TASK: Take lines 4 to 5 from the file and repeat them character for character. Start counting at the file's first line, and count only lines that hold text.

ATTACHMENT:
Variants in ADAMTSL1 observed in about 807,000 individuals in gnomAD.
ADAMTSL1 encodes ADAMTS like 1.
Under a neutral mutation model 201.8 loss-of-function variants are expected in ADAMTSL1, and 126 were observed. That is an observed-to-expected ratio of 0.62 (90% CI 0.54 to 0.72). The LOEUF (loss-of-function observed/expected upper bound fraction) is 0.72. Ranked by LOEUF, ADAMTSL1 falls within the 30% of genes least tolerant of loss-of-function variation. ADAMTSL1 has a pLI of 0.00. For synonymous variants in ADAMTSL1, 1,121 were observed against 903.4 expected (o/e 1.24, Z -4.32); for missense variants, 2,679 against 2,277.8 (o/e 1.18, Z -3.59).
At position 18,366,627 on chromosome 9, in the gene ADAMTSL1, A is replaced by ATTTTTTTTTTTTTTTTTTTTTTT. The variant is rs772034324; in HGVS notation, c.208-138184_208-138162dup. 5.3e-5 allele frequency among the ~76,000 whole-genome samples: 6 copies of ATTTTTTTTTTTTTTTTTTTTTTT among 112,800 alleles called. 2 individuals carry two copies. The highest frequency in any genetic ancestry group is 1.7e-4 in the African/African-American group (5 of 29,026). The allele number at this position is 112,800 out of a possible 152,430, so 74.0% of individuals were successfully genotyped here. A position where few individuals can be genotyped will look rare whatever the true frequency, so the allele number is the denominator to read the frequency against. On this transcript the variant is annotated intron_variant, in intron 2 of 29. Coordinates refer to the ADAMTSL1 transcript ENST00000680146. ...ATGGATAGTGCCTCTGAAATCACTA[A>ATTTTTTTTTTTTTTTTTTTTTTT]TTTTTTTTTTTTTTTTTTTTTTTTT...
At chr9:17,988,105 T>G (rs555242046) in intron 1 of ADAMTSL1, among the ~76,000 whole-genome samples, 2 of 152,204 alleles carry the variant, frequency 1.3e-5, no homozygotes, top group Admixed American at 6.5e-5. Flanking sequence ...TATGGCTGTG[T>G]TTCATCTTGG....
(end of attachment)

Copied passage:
At position 18,366,627 on chromosome 9, in the gene ADAMTSL1, A is replaced by ATTTTTTTTTTTTTTTTTTTTTTT. The variant is rs772034324; in HGVS notation, c.208-138184_208-138162dup. 5.3e-5 allele frequency among the ~76,000 whole-genome samples: 6 copies of ATTTTTTTTTTTTTTTTTTTTTTT among 112,800 alleles called. 2 individuals carry two copies. The highest frequency in any genetic ancestry group is 1.7e-4 in the African/African-American group (5 of 29,026). The allele number at this position is 112,800 out of a possible 152,430, so 74.0% of individuals were successfully genotyped here. A position where few individuals can be genotyped will look rare whatever the true frequency, so the allele number is the denominator to read the frequency against. On this transcript the variant is annotated intron_variant, in intron 2 of 29. Coordinates refer to the ADAMTSL1 transcript ENST00000680146. ...ATGGATAGTGCCTCTGAAATCACTA[A>ATTTTTTTTTTTTTTTTTTTTTTT]TTTTTTTTTTTTTTTTTTTTTTTTT...
At chr9:17,988,105 T>G (rs555242046) in intron 1 of ADAMTSL1, among the ~76,000 whole-genome samples, 2 of 152,204 alleles carry the variant, frequency 1.3e-5, no homozygotes, top group Admixed American at 6.5e-5. Flanking sequence ...TATGGCTGTG[T>G]TTCATCTTGG....